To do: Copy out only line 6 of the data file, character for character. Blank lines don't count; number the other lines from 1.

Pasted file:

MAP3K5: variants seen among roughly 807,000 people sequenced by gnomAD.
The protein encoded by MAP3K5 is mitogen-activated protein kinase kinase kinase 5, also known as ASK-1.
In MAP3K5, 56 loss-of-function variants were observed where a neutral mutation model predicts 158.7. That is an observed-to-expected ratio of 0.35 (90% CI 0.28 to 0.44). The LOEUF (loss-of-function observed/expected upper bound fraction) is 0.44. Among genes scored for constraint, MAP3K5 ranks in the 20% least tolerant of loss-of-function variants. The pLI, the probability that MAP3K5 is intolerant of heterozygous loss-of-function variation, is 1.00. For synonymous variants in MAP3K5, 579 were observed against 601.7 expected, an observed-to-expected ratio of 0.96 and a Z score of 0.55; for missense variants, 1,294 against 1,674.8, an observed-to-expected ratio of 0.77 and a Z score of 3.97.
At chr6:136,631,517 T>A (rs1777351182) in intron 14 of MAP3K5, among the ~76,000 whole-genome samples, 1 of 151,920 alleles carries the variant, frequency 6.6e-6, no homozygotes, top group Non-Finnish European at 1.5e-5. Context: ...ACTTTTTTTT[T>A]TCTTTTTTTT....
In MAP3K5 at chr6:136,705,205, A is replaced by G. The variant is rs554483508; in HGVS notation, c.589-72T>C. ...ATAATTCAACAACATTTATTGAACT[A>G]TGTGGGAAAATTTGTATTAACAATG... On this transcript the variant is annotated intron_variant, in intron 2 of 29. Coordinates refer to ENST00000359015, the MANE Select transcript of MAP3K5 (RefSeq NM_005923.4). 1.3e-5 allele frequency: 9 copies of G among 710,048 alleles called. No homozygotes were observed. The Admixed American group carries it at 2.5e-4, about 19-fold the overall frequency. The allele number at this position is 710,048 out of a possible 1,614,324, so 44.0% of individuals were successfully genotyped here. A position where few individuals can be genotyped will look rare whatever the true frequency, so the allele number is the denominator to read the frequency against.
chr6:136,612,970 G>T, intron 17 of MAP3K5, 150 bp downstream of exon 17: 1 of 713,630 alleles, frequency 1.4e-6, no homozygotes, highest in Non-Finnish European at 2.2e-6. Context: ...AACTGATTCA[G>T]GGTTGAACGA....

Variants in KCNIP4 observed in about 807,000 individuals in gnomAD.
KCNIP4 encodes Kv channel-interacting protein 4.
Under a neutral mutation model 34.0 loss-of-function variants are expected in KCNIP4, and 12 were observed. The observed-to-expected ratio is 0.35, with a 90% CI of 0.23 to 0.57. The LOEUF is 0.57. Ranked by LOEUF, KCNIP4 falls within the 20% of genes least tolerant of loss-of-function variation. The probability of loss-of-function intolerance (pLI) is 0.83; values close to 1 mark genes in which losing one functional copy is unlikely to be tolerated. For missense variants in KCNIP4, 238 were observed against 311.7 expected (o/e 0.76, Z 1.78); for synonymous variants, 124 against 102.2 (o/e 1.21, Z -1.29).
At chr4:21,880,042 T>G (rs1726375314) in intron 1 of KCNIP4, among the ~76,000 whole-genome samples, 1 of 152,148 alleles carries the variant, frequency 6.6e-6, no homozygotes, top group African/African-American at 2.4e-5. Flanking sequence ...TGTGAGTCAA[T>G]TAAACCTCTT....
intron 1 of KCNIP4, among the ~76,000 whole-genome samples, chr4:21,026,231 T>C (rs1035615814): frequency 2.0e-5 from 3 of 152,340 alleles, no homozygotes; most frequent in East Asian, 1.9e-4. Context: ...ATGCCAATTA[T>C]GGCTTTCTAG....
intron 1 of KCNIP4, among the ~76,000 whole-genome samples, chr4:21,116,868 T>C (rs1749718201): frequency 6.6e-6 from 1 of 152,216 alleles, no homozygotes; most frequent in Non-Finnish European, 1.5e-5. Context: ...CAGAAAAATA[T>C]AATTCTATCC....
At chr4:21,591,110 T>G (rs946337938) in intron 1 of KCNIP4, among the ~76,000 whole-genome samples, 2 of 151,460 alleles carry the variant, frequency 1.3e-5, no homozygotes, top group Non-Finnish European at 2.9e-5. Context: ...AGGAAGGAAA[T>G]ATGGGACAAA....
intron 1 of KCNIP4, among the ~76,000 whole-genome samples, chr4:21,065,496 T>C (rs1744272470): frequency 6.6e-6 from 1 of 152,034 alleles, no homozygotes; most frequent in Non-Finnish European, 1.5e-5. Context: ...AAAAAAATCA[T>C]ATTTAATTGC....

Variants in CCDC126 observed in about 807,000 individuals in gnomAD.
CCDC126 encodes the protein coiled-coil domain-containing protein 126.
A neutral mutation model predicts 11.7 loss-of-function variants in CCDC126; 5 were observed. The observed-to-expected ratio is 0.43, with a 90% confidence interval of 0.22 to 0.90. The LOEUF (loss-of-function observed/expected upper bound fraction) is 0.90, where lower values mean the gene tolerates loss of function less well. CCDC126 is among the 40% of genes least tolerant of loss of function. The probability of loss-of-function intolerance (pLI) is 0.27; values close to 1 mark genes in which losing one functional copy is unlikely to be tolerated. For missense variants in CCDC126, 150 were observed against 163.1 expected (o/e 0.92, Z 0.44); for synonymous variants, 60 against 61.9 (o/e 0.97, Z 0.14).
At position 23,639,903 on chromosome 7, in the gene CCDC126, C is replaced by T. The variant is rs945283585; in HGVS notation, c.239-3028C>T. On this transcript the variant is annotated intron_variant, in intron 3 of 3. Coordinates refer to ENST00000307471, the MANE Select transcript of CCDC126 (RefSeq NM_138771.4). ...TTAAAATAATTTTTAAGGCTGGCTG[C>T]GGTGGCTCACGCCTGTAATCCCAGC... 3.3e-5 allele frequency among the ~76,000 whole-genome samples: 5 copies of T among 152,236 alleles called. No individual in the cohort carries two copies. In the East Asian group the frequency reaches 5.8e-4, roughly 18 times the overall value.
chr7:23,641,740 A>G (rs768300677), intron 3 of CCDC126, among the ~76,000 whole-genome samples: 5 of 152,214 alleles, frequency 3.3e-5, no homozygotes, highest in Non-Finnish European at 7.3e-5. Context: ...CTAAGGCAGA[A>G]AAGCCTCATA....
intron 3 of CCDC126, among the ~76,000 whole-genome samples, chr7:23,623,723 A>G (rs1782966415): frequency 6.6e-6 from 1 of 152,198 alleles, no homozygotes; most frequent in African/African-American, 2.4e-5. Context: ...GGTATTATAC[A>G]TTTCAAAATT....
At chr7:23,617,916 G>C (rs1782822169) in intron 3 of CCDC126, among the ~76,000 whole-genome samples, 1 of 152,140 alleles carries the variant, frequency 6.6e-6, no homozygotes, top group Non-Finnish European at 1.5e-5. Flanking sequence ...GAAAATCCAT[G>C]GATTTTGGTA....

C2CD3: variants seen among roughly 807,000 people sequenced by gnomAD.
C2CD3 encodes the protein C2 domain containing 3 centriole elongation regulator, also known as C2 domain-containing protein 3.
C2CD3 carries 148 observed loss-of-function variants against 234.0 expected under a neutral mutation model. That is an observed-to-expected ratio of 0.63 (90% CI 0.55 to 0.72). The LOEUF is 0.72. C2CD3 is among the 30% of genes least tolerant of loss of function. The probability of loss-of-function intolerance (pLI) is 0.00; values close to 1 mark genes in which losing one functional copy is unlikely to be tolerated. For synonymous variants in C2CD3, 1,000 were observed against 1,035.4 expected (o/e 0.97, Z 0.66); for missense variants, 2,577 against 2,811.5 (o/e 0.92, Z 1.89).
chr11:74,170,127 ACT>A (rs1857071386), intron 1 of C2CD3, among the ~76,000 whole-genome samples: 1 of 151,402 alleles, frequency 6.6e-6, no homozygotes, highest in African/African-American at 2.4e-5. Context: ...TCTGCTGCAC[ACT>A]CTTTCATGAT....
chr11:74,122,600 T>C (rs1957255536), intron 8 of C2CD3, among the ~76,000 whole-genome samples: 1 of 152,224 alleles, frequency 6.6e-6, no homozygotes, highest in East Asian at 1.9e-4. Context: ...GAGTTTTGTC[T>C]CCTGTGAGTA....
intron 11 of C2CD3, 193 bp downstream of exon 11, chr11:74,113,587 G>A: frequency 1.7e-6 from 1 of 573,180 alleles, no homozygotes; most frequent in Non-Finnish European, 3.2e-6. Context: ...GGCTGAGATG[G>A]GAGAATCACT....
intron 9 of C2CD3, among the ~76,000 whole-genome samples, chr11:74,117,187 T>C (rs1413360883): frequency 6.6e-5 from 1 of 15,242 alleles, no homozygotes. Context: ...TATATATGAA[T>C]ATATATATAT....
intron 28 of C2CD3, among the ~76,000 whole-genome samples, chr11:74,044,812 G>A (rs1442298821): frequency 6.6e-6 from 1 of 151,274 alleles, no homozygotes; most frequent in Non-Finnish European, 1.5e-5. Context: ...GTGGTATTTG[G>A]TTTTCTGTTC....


chr6:136,612,970 G>T, intron 17 of MAP3K5, 150 bp downstream of exon 17: 1 of 713,630 alleles, frequency 1.4e-6, no homozygotes, highest in Non-Finnish European at 2.2e-6. Context: ...AACTGATTCA[G>T]GGTTGAACGA....